Representative Deborah Boone Newsletter

Deborah Boone

Greetings from Salem!

 I am continuing my work on resiliency planning and implementation. This week in the Senate Veterans and Emergency Preparednesss committee, a work session was held on Senate Bill 808, and committee members unanimously voted to send the bill to the Ways and Means Committee with a “Do Pass” recommendation.  SB 808 directs the Department of Human Services to coordinate and facilitate state and local community resilience planning to prepare for and respond to catastrophic consequences and mass displacement that may result from naturally occurring seismic events.   SB 808 has become known as Resilience Plan 2.0, and deals with the human services needs preparing for and following a natural disaster.   Much like SB 33 which was approved during the 2013 Legislative Assembly; SB 808 establishes a task force to deal with disaster resiliency.    The Task Force on Mass Care and Sheltering in Support of Cascadia Planning Efforts will review established state and local plans in relation to mass care, housing and emergency assistance, and make recommendations for shelter, food and water supplies, health care, transitional services, as well as the sheltering and care of animals in support of mass care.   The task force will submit a report to the Legislative Assembly relating to human services no later than September of 2017.

 When it comes to preparing for a major earthquake and tsunami, here at the Capitol, we are trying to look at the big picture, and focus on preparing the state, while helping facilitate community response mechanisms.   But for personal survival, individuals need to prepare themselves and their families for disaster response.  Develop a family plan, so when an emergency does occur, you know what to do.   This should include collecting and assembling supplies, learning evacuation routes and where to shelter, then practicing and maintaining that plan.   Clatsop and Tillamook County both have emergency notification systems in place, and you can sign up to be contacted when an emergency occurs.  Targeted alerts select residents in a specific geographic area based on the information being relayed.  ClatsopALERTS! Is Clatsop County’s emergency notification system and is coordinated through the Clatsop County Emergency Management office.   Tillamook County’s notification system comes through Tillamook 911.  Both counties contract with Everbridge to deliver recorded voice or text messages to citizens’ landline home phones.  With changes in telecommunications, you may no longer have a landline, so if you wish to add cell phones, pager numbers and/or email addresses you need to sign those up with either Clatsop County Emergency Management or Tillamook 911.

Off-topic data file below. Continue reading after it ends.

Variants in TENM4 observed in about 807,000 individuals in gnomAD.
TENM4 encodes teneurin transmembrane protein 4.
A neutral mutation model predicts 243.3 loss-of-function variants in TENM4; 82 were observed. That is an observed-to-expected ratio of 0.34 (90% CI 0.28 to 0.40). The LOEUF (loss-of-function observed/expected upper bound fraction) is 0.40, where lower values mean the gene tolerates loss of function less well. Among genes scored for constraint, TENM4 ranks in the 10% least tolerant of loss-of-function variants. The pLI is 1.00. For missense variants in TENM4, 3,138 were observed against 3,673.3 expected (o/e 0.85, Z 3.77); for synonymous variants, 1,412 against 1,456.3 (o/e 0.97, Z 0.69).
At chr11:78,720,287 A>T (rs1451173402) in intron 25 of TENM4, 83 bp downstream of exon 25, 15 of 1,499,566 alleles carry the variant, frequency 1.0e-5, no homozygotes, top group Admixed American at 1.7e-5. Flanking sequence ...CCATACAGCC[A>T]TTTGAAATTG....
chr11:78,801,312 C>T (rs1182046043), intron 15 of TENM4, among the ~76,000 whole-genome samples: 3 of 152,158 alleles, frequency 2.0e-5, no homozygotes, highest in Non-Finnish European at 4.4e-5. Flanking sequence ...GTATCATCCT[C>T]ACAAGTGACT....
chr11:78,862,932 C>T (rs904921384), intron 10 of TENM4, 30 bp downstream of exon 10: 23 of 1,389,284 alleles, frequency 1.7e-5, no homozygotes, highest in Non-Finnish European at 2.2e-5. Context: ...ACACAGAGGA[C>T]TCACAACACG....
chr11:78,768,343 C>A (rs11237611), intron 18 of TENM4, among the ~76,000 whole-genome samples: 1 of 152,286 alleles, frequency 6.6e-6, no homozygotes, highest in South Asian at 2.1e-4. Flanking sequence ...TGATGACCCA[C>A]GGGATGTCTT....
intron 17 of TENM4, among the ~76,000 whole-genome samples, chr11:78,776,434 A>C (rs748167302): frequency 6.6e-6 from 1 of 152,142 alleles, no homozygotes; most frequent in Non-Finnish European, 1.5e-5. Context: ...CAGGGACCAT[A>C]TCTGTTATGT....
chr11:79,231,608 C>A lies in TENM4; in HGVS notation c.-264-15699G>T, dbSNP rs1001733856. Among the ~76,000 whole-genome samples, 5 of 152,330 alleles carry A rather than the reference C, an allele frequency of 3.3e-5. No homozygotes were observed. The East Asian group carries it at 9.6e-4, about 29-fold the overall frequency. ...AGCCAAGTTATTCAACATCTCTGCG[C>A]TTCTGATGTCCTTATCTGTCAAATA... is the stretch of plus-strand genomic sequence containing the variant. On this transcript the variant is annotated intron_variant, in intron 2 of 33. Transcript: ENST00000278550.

On Tuesday, the House approved HB 3042, designating April 14th as the day to honor Oregon Artists.   This bill was suggested by Hayley Rollins of Seaside, who came to Salem last week to testify in support of this legislation, and this week she was in the House Gallery with her parents when the bill was approved unanimously, it now moves to the Senate side for hearings and a vote. 

Hayley Rollins at Capitol
Hayley and Trent Rollins at Capitol

Wednesday, Jeremy Mills the State Farms Insurance Agent from Seaside stopped by, he was in Salem for an insurance lobby day, and it we talked about various pieces of legislation that potentially could impact insurance.  Jeremy is a wonderful advocate for the insurance industry and the north coast and he and I had a lively discussion.  It was so great to connect with someone from the district, and one reason that my door is always open to constituents who take time to visit the Capitol during session.